Samba is considered the dance of celebration and joy. Lively and rhythmical, there are many types of Samba dances, just like there are many types of Samba music. Ballroom Samba, is one of the popular Latin dances in ballroom competitions, it is made up of many different South American dances mixed into one. In Brazil, a Samba dancer is known as a Sambista.
The major action of Samba, the "Samba Bounce Action," gives the dance its unique look and feel. The Samba Bounce Action is a gentle, rhythmic action felt through the knees and ankles. Samba dancers must strive to make this action appear effortless and carefree...it should never be exaggerated. This bounce action is quite difficult to master, but really adds to the overall character of the Samba.
The basic footwork of the Samba includes fast, three-step weight changes with a slight knee lift, led with alternating feet.
The major characteristic of the Samba is the vertical bounce action. Steps are taken using the ball of the foot. Knee action along with body sway and "pendulum motion", in the accomplished dancer, is made to look effortless and carefree.
Samba music is influenced by Jazz and Latin rhythms. It is written in 2/4 or 4/4 time. The music is festive and fast paced. The basic count is "Slow a Slow" or "1 a 2".
Principal characteristics of the Samba are the rapid steps taken on a quarter of a beat and the pronounced rocking motion and sway of the dancing couple.
Samba, is an old Brazilian style of dance with many variations, is African in origin. It has been performed as a street dance at carnival, the pre-Lenten celebration, for almost 100 years. Many versions of the Samba are danced at the local carnival in Rio. The ballroom Samba or Carioca Samba is derived from the rural "Rocking Samba" and has been known for many years. During carnival time there are "schools of Samba" involving thousands of elaborately-costumed dancers presenting a national theme based on music typical of Brazil and Rio in particular.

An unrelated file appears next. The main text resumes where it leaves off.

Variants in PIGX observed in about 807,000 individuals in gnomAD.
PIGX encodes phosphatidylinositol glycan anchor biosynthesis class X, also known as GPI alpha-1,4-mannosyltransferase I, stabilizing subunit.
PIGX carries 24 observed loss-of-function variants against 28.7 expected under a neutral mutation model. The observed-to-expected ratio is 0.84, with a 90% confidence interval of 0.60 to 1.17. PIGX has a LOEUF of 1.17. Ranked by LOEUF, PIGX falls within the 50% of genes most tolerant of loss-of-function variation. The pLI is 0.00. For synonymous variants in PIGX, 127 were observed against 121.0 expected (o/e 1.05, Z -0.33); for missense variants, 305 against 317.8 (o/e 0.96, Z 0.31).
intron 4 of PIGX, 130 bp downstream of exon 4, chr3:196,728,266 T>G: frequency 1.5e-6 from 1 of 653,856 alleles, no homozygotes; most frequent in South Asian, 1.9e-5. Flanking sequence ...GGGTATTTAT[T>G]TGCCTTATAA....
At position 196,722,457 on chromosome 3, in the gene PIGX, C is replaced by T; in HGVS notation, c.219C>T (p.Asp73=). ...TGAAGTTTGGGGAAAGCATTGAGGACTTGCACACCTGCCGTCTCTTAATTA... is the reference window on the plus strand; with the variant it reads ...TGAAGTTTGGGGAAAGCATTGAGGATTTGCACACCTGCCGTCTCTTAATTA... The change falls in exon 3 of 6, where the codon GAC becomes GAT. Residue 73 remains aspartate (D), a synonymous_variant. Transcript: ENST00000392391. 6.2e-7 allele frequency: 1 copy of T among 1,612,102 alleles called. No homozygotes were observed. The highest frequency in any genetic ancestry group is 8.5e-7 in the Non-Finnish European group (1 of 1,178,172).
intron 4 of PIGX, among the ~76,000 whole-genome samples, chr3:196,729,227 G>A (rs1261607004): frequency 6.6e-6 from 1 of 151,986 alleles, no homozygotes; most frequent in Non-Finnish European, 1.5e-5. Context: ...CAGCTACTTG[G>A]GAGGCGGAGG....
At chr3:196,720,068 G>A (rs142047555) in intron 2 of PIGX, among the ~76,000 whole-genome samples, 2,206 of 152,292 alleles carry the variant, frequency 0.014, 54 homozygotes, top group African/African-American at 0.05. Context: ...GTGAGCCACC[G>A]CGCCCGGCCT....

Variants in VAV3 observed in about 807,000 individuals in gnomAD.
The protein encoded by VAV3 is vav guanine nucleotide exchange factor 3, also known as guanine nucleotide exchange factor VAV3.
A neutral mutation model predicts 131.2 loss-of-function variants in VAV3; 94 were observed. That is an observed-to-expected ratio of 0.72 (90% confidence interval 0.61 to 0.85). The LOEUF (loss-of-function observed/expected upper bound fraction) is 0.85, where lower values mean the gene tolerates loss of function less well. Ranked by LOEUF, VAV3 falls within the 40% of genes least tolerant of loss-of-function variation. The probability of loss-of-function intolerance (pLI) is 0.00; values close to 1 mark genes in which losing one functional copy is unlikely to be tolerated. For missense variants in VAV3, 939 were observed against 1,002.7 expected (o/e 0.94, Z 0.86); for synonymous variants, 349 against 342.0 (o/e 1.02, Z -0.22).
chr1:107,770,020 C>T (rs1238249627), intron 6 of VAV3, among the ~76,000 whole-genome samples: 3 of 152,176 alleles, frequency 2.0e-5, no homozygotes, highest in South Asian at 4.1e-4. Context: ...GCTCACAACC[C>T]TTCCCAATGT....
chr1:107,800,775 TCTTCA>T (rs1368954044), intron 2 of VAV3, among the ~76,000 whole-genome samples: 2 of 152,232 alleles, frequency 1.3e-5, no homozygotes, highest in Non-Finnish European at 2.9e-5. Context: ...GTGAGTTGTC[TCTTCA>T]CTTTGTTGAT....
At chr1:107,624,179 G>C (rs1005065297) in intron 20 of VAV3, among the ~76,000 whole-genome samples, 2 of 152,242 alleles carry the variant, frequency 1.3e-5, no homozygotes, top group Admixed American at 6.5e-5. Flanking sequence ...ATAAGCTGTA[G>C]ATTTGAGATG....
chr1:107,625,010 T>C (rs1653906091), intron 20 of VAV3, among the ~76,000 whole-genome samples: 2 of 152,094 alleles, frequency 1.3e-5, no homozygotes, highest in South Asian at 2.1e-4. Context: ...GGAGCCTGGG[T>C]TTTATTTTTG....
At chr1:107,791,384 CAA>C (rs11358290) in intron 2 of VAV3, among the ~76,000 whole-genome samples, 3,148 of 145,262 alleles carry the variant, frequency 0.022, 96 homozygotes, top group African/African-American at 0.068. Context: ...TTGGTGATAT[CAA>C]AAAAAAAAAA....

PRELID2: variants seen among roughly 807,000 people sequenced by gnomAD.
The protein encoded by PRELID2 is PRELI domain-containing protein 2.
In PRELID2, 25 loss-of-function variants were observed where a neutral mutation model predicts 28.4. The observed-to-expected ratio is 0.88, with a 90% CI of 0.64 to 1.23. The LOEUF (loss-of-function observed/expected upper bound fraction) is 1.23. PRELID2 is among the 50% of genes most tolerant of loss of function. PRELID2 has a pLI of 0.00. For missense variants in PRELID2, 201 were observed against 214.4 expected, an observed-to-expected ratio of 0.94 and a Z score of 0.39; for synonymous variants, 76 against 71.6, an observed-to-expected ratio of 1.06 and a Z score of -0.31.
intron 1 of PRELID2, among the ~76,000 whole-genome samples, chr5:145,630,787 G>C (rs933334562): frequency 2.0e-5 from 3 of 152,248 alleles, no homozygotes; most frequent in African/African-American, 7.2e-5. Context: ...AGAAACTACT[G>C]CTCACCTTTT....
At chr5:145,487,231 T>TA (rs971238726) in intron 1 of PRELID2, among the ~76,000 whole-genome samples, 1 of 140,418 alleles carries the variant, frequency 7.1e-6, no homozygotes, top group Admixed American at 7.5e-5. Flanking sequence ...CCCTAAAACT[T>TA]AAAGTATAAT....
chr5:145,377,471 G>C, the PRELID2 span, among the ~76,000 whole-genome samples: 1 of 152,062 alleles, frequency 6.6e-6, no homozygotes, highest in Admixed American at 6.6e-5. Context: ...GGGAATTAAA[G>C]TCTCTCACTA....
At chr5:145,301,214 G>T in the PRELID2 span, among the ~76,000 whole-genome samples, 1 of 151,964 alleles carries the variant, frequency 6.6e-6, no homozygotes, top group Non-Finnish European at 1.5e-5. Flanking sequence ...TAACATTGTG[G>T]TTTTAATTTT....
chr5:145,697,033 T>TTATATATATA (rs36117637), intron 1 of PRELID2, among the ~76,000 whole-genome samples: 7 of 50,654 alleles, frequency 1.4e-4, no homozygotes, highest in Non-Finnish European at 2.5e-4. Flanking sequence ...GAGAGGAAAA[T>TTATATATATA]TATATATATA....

Before 1914 it was known under a Brazilian name "Maxixe". As early as 1923 an international meeting of professors of dancing took note of the rise of the Samba's popularity, particularly in France. A French dance book published by Paul Boucher in 1928 included Samba instructions. The dance was introduced to United States movie audiences in 1933 when Fred Astaire and Dolores Del Rio danced the Carioca in Flying Down to Rio and several years later, Carmen Miranda danced the Samba in That Night in Rio. A Samba exhibition was given at the November 1938 meeting of the New York Society of Teachers of Dancing. General interest in the Samba was stimulated at the 1939 World's Fair in New York, where Samba music was played at the Brazilian Pavilion. A few years later the Brazilian composer Ary Barroso wrote the classic Samba, "Brasil," which quickly became a hit, and in 1944 he went to Hollywood to write the score for the musical Brazil.
Samba has a very specific rhythm, highlighted to its best by characteristic Brazilian musical instruments: originally called tamborim, chocalho, reco-reco and cabaca. Much of Samba music came from daily life in Rio, the first famous example being "Pelo Telefone" composed by Donga. To achieve the true character of the Samba a dancer must give it a happy, flirtatious and exuberant interpretation. Many figures, used in the Samba today, require a pelvic tilt (Samba tic) action. This action is difficult to accomplish, but without it the dance loses much of its effect. Principal characteristics of the Samba are the rapid steps taken on a quarter of a beat and the pronounced rocking motion and sway of the dancing couple. The Samba (also known as the Brazilian Waltz) is now a moderately popular ballroom dance, limited pretty much to experienced ballroom dancers because of its speed.
Footwork: Ball Fall, Ball, Ball Flat primarily. Toes should be slightly turned out. Feet should be kept in contact with the floor using slight pressure.
General Technical Tips: Stand with a forward poise to create connection. Lead and follow from the center of the body, use compression and tension, and complement the music with the free arm
|2||Whisks||Twinkles to PP & CPP|
|3||Samba Walks||Back Samba Walks|
|4||Simple Twinkle||Solo Turns|
|5||Samba Box Step||Syncopated Twinkle|
|6||Chasses Right & Left||Criss Cross|
|7||Open Break & Underarm Turn||Shadow Twinkles|
|8||Back Spot Turn||Rolling of the Arm|
|9||Progresive Twinkle||Maypole Left & Right|
|10||Opening Out||Closed Swievels|
|1||Basic||Closed Rocks||Stationary Samba Walks|
|2||Alternative Basic||Side Samba Walk||Open Rocks|
|3||Progressive Basic||Volta Movements||Back Rocks|
|5||Samba Walks in PP||Argentine Crossess||Foot Changes|
|6||Travelling Botafogos||Contra Botafogos|
|7||Botafogos PP & CPP||Rolling Off the Arm|
|8||Reverse Turn||Natural Roll|
|9||Corta Jaca||Volta Movements|
|10||Side Basic||PP & CP Runs|
|11||Rhythm Bounce||Cruzado Locks in Shadow Position|
|12||Voltas Right & Left||Travelling Locks in Open CPP|
|13||Lady Spot Volta|